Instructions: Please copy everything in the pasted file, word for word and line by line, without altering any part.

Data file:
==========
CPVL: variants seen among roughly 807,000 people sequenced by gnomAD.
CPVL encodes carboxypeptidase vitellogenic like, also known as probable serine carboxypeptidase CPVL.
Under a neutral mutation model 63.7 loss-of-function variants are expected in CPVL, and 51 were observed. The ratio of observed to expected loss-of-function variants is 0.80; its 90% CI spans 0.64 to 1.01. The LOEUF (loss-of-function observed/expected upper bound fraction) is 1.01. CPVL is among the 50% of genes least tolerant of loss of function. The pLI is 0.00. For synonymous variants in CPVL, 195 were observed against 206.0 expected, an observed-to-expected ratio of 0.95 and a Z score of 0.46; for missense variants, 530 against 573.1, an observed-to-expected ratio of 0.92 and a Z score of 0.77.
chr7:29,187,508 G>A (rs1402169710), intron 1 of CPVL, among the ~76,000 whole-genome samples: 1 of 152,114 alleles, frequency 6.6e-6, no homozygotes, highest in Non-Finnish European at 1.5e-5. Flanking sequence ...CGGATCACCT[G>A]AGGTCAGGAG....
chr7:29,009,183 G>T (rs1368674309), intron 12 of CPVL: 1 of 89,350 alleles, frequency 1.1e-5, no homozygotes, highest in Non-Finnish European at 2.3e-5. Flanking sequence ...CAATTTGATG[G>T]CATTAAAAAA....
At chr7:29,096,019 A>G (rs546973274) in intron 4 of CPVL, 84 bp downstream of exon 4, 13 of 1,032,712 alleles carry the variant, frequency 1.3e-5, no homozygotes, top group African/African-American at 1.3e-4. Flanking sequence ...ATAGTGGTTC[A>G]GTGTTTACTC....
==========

CPVL: variants seen among roughly 807,000 people sequenced by gnomAD.
CPVL encodes carboxypeptidase vitellogenic like, also known as probable serine carboxypeptidase CPVL.
Under a neutral mutation model 63.7 loss-of-function variants are expected in CPVL, and 51 were observed. The ratio of observed to expected loss-of-function variants is 0.80; its 90% CI spans 0.64 to 1.01. The LOEUF (loss-of-function observed/expected upper bound fraction) is 1.01. CPVL is among the 50% of genes least tolerant of loss of function. The pLI is 0.00. For synonymous variants in CPVL, 195 were observed against 206.0 expected, an observed-to-expected ratio of 0.95 and a Z score of 0.46; for missense variants, 530 against 573.1, an observed-to-expected ratio of 0.92 and a Z score of 0.77.
chr7:29,187,508 G>A (rs1402169710), intron 1 of CPVL, among the ~76,000 whole-genome samples: 1 of 152,114 alleles, frequency 6.6e-6, no homozygotes, highest in Non-Finnish European at 1.5e-5. Flanking sequence ...CGGATCACCT[G>A]AGGTCAGGAG....
chr7:29,009,183 G>T (rs1368674309), intron 12 of CPVL: 1 of 89,350 alleles, frequency 1.1e-5, no homozygotes, highest in Non-Finnish European at 2.3e-5. Flanking sequence ...CAATTTGATG[G>T]CATTAAAAAA....
At chr7:29,096,019 A>G (rs546973274) in intron 4 of CPVL, 84 bp downstream of exon 4, 13 of 1,032,712 alleles carry the variant, frequency 1.3e-5, no homozygotes, top group African/African-American at 1.3e-4. Flanking sequence ...ATAGTGGTTC[A>G]GTGTTTACTC....